Last week I headed down to Brighton for the first Reasons to be Creative conference and had a brilliant time catching up with friends, discussing ideas and taking in what has been my annual fix of inspiration for the last few years. This new event effectively takes the place of Flash on the Beach, which ran with great success from 2006 – 2011, assembling some of the best creative and technical talent for three days every September.
Over the past few years though, the gradual increase in adoption of alternatives to the Flash platform has quite rightly led the organisers to diversify the conference to attract a broader range of delegates. Having attended a few of the previous events it would seem to me that this transition was already taking place, the rebranding was just the finishing touch.
The conference got off to a great start with a key note from Professor Kevin Warwick of Reading University, presenting to us some fascinating pieces of research. The talk included insights into his research and use of Class II implants for the purposes of extending the potential of the human sensory system. Among a couple of pretty gruesome slides of the various operations that had taken place to insert implants, Professor Warwick explained how they could be used to enable the transmission of neural signals to both robotic devices and from human to human. In another experiment we saw how magnets could be used to allow humans to experience a form of real life haptic feedback in the tips of their fingers. For me, one of the most fascinating items presented by Professor Warwick were his findings in the use of neurones from the brains of rats to drive basic robots around a wooden box and how, with an hours practice a day, over a period of three months, the neurones were able to ‘learn’ basic functions which enabled them to traverse around a box, avoiding the walls with an increasingly accurate level of control.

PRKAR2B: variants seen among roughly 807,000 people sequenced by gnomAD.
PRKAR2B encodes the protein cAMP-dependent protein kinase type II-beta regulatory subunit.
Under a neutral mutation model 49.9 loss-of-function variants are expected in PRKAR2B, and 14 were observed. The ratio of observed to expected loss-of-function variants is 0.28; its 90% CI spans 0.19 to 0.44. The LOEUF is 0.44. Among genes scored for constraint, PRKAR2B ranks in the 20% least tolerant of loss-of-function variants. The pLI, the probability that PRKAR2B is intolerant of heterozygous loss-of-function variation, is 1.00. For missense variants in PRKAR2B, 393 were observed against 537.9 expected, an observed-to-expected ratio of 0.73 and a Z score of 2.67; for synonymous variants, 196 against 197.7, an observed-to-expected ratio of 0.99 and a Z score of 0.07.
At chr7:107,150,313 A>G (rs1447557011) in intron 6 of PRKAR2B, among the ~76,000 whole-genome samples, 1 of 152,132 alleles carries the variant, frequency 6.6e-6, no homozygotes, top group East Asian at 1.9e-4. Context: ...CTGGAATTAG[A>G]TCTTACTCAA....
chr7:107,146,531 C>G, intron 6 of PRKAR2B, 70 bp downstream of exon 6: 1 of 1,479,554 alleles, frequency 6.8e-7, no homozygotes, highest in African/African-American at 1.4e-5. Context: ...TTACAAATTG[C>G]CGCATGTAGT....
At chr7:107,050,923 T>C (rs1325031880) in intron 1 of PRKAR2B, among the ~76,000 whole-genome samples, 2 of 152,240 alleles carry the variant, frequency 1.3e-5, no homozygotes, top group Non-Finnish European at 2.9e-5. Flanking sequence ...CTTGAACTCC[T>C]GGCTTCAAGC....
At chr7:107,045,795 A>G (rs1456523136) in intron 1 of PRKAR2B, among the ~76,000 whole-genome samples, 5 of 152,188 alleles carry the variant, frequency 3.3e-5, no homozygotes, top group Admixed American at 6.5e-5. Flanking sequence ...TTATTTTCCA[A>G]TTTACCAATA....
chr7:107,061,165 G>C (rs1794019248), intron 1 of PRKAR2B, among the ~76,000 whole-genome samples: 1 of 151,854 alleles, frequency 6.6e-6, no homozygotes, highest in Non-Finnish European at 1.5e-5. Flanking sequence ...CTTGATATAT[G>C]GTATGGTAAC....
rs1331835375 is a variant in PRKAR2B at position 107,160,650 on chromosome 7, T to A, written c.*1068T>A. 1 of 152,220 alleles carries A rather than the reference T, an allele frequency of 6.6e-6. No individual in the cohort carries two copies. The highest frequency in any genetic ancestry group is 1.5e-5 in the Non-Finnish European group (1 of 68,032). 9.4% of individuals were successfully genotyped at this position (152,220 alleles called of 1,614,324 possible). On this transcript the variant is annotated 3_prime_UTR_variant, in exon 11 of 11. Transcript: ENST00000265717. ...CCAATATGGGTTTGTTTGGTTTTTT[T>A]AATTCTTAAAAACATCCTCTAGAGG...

Later on that morning, Memo Akten showed some really interesting work involving beautiful sound visualisations based on the patterns generated by the oscillation of a series of pendulums. I love the simplicity of ideas like this as a starting point for experimental projects, as they can often lead to amazing results, examples of this piece can be seen here. Memo also spoke of his contribution to the amazing ‘Meet Your Creator‘ show at the Cannes Lions New Directors Showcase. I really enjoyed Memo’s talk – it was easily one of the best of the conference for his creativity and style as a Visual Artist.
On Monday afternoon, Mario Klingemann’s talk covered his most recent work, which was quite different from the Flash work that he is more commonly known for. Working with a laser cutter and various materials to create physical objects, Mario showed a number of physical interface projects, one of which included a real life version of a Facebook style ‘Like’ button which was featured at the “Ultra Social” UAMO-Festival 2011 in Munich. He also spoke of his experiences of setting up a maker collective and how beneficial groups like FabLabs and Hackspaces can be used as a channel for creative output. This is definitely something I’m looking to get involved with in the local area over the next few months.